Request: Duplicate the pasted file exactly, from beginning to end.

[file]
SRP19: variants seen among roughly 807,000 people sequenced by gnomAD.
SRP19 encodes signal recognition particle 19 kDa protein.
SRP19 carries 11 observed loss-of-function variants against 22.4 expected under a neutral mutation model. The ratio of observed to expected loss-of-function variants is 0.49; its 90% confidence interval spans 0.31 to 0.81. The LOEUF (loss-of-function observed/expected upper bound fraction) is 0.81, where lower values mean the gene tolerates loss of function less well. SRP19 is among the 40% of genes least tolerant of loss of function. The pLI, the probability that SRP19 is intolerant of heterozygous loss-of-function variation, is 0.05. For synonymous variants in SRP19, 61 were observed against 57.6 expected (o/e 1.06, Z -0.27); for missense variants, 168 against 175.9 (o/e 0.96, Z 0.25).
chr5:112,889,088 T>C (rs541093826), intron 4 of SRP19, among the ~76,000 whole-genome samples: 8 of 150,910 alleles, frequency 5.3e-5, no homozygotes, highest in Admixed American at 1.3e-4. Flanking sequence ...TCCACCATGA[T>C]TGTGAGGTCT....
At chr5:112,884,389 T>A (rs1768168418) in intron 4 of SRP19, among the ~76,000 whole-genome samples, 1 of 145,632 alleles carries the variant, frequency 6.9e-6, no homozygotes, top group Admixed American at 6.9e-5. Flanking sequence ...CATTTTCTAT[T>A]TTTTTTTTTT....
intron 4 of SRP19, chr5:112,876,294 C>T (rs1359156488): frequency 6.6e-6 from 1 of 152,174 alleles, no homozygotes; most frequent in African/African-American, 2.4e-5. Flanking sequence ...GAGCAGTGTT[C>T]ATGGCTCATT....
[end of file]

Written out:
SRP19: variants seen among roughly 807,000 people sequenced by gnomAD.
SRP19 encodes signal recognition particle 19 kDa protein.
SRP19 carries 11 observed loss-of-function variants against 22.4 expected under a neutral mutation model. The ratio of observed to expected loss-of-function variants is 0.49; its 90% confidence interval spans 0.31 to 0.81. The LOEUF (loss-of-function observed/expected upper bound fraction) is 0.81, where lower values mean the gene tolerates loss of function less well. SRP19 is among the 40% of genes least tolerant of loss of function. The pLI, the probability that SRP19 is intolerant of heterozygous loss-of-function variation, is 0.05. For synonymous variants in SRP19, 61 were observed against 57.6 expected (o/e 1.06, Z -0.27); for missense variants, 168 against 175.9 (o/e 0.96, Z 0.25).
chr5:112,889,088 T>C (rs541093826), intron 4 of SRP19, among the ~76,000 whole-genome samples: 8 of 150,910 alleles, frequency 5.3e-5, no homozygotes, highest in Admixed American at 1.3e-4. Flanking sequence ...TCCACCATGA[T>C]TGTGAGGTCT....
At chr5:112,884,389 T>A (rs1768168418) in intron 4 of SRP19, among the ~76,000 whole-genome samples, 1 of 145,632 alleles carries the variant, frequency 6.9e-6, no homozygotes, top group Admixed American at 6.9e-5. Flanking sequence ...CATTTTCTAT[T>A]TTTTTTTTTT....
intron 4 of SRP19, chr5:112,876,294 C>T (rs1359156488): frequency 6.6e-6 from 1 of 152,174 alleles, no homozygotes; most frequent in African/African-American, 2.4e-5. Flanking sequence ...GAGCAGTGTT[C>T]ATGGCTCATT....